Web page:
EU prepares tougher Syrian sanctions

 

EU FOREIGN ministers are preparing tougher sanctions against Syrian leaders and they have opened the door to the use of frozen Libyan funds to back rebels against the Gadafy regime.

At their monthly meeting, the ministers also resolved to intensify sanctions against Belarus to impose an arms embargo on the country and an export ban on materials which could be used for “internal repression.”

EU foreign policy chief Cathy Ashton, who chaired the talks, said it was crucial for Israel and the Palestinians to think carefully about returning to peace talks.

“It is extremely important that they do so not least because in the changing world of our neighbourhood it is essential that they recognise that this crisis in the middle of the neighbourhood needs a resolution,” she told reporters. Tánaiste and Minister for Foreign Affairs Eamon Gilmore, who represented the Government at the meeting, backed that stance.

“The EU and Ireland is very anxious to get talks going again between Israel and Palestine, one of the long outstanding issues that is facing the international community and the EU intends to play an active role in trying to get talks moving again,” he said.

The meeting in Luxembourg came as Syrian president Bashar Assad blamed foreign-sponsored “saboteurs” for encouraging violent protests against his regime.Although Mr Assad promised reforms within months, EU ministers said in a statement that his “credibility and leadership depend on the implementation of reforms he himself announced publicly without taking any step since then to fulfil his commitment.”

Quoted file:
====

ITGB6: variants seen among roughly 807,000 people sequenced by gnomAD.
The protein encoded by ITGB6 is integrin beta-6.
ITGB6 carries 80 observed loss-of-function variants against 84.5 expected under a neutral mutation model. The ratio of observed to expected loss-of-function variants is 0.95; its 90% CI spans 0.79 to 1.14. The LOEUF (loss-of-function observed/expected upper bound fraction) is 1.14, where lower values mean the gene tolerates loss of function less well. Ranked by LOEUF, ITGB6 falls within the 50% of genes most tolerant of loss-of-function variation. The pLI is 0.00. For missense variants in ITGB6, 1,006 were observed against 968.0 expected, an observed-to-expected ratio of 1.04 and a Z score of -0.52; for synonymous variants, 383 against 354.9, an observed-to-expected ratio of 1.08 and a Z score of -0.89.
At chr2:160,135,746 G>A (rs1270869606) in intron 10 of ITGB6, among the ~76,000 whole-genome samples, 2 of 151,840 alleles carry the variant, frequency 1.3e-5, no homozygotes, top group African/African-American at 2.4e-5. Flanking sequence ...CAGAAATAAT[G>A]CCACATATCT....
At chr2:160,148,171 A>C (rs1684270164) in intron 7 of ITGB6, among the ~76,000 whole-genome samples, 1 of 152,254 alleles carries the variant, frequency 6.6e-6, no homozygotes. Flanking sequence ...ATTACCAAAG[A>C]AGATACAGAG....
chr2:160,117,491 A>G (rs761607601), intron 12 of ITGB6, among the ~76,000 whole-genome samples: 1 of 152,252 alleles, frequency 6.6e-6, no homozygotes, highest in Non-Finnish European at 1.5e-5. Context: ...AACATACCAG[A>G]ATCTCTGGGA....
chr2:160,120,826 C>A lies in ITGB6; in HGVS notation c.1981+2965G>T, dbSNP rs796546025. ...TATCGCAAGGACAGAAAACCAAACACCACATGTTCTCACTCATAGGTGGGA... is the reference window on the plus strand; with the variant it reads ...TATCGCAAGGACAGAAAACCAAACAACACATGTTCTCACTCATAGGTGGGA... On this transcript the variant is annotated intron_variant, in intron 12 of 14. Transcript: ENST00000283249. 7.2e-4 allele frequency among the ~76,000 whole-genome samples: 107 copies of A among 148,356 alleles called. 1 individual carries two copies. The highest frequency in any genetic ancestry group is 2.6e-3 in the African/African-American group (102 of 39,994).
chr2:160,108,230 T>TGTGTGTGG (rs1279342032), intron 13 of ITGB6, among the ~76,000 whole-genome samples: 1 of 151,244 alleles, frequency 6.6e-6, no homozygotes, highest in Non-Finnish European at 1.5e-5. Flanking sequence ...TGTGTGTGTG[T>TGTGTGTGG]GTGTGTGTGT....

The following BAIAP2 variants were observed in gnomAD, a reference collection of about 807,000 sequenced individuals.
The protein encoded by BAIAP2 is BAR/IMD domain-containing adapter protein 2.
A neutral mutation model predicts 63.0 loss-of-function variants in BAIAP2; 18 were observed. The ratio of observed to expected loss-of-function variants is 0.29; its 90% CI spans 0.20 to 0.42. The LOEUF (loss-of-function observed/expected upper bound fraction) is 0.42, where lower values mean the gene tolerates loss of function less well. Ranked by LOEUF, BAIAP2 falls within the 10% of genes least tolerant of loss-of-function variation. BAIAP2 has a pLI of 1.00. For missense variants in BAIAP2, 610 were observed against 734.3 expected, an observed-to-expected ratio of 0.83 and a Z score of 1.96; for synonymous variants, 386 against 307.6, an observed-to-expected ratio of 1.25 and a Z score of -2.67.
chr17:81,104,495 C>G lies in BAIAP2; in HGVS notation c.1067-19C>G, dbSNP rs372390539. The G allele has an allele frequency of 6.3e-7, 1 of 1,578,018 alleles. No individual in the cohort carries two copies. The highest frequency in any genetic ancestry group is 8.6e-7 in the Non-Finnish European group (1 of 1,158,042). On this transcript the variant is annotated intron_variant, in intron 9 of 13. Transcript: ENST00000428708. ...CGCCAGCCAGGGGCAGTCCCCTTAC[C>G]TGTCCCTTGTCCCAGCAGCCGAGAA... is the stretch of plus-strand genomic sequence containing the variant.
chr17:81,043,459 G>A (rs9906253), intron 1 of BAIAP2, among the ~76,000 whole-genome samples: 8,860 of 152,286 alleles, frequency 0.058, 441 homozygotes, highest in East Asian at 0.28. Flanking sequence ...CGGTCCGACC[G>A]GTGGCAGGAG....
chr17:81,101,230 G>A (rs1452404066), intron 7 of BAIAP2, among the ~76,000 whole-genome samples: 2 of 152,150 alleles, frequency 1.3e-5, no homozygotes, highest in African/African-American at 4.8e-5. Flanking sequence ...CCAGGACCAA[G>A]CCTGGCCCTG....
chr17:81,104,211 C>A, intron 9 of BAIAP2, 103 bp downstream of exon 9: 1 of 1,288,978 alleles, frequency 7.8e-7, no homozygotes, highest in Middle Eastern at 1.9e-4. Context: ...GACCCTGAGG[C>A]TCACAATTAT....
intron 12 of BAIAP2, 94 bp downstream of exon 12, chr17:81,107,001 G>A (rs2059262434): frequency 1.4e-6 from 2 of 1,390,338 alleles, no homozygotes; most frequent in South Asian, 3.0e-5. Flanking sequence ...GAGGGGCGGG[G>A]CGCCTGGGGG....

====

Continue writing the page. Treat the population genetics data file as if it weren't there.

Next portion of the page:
As many as 1,300 people are estimated to have died in the brutal official backlash against the Syrian protests, prompting EU ministers to call yesterday on the regime to immediately end the violence.

Saying the loss of life was mostly among “peaceful protesters”, the ministers said the violence was a threat to regional stability. Having imposed two rounds of sanctions on the regime – the second of which targeted Mr Assad himself – the ministers said further measures are now in store. Without naming any individuals or entities, they said the EU is “actively preparing to expand its restrictive measures by additional designations with a view to achieving a fundamental change of policy by the Syrian leadership without delay”.

On Libya, scene of a months-long Nato bombing campaign to enforce a no-fly zone against forces loyal to Muammar Gadafy, the ministers took tentative steps to release frozen funds to support the rebels.

“The EU acknowledges the urgent financial needs of the transitional national council in order to serve the Libyan people,” the ministers said. “The mobilisation of international resources, including . . . the use of Libyan frozen funds in compliance with the provisions of the relevant United Nations Security Council Resolutions, is key to support an inclusive transition process aiming at fostering national reconciliation and fulfilling the democratic aspirations of the Libyan people.”

The ministers went to say measures in this regard must respect the rule of law, a reference to legal questions raised by appropriation of frozen funds for such purposes.

On Belarus, the ministers said they had decided to add further names to the list of individuals subject to EU travel restrictions and the freezing of assets.

In view of “the deteriorating human rights, democracy and rule-of-law situation” in the country, the ministers also plan to freeze the assets of three countries linked to the regime.